Contested Narratives: Charlottesville and the Caribbean in Perspective

By Kimberley McKinson, Post-Doctoral Research and Teaching Associate, University of Georgia As I witnessed the horrific images of white supremacy and raw hate coming out of Charlottesville, Virginia in August 2017, a cacophony of emotions flooded me. I was angry, I was grieving and I was fearful.  Although these images were not unfamiliar, they seemed … Continue reading Contested Narratives: Charlottesville and the Caribbean in Perspective

The Years That Ask Questions: Epistemologies of Liberation and the Post-Charlottesville Imperative

By Donna Auston Rutgers University White supremacy is deadly. A black sign emblazoned with four bleak words in white block script perched atop a protestor’s shoulder played a dual role: it communicated the urgency of the spectacle to preoccupied shoppers and passing motorists on this busy avenue in the Bronx at the same time that … Continue reading The Years That Ask Questions: Epistemologies of Liberation and the Post-Charlottesville Imperative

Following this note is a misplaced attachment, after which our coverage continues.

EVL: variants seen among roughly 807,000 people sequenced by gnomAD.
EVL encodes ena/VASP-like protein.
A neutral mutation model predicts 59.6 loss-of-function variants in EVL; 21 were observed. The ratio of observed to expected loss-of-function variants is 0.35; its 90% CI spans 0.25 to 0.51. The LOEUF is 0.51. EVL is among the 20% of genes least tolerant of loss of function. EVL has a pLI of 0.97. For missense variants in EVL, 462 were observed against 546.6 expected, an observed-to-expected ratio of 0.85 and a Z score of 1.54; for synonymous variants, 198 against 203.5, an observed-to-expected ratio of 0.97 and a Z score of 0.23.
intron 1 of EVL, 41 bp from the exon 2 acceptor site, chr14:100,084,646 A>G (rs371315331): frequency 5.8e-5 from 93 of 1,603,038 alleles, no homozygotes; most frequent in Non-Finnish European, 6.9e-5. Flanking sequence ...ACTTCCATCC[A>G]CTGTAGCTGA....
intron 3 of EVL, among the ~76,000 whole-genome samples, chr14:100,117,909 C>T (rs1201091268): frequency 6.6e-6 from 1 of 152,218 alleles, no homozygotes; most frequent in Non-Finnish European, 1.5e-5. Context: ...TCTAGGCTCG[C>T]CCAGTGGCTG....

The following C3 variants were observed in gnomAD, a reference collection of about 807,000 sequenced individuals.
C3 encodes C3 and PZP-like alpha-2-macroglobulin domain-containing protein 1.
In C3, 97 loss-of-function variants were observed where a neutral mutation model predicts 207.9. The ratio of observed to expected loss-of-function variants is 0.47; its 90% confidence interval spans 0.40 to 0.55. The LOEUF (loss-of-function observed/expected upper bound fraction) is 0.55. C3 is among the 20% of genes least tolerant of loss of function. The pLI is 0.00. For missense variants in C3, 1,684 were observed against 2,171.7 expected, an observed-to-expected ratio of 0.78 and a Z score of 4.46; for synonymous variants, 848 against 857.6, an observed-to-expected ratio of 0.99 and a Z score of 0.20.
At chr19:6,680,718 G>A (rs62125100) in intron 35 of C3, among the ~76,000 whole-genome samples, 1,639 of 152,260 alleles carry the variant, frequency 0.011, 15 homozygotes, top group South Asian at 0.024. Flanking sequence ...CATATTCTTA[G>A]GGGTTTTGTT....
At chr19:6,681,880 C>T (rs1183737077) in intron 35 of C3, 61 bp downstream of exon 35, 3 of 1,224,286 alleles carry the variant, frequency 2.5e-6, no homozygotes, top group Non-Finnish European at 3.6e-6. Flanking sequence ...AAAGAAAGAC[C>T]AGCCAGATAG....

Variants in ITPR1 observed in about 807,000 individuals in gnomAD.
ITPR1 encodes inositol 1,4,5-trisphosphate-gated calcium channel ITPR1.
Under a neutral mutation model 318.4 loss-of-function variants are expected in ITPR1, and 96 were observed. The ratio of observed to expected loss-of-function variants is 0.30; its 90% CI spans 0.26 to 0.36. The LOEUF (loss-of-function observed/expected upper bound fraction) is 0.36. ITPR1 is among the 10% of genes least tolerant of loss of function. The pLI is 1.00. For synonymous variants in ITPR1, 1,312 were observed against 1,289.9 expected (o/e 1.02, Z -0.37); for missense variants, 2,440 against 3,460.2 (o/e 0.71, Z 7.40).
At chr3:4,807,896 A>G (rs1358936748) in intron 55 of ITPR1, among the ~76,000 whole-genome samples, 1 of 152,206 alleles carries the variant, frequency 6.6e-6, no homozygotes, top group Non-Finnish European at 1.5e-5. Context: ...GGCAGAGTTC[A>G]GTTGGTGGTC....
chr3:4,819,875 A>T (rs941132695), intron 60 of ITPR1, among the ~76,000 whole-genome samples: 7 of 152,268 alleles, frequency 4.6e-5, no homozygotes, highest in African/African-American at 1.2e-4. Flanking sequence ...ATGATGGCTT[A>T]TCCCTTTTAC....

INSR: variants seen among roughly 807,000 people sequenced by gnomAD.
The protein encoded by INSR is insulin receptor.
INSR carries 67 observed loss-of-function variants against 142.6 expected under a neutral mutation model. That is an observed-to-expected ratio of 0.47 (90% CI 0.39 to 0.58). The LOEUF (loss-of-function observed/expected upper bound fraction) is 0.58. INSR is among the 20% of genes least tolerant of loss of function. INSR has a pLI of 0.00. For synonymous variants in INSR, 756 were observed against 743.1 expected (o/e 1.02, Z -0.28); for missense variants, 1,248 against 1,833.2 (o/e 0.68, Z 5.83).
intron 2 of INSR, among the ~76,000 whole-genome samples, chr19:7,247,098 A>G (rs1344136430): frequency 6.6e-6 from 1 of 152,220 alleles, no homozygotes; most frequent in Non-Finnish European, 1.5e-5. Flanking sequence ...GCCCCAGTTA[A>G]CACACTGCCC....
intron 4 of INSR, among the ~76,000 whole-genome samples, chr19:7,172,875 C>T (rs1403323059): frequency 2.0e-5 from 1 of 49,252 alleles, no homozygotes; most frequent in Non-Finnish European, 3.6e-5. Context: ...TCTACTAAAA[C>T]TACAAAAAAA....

Race and Rachel Dolezal: A Conversation with Patricia Sunderland

Recent news surrounding Rachel Dolezal has led to quite the discussion on race. Our associates at the Ethnographic Praxis in Industry Conference (EPIC) pointed us to an article (‘You May Not Know It But I’m Black’: White Woman’s Self-Identification As Black) that Patricia Sunderland, a longtime AAA member and leading consumer researcher, wrote about in Ethnos 18 … Continue reading Race and Rachel Dolezal: A Conversation with Patricia Sunderland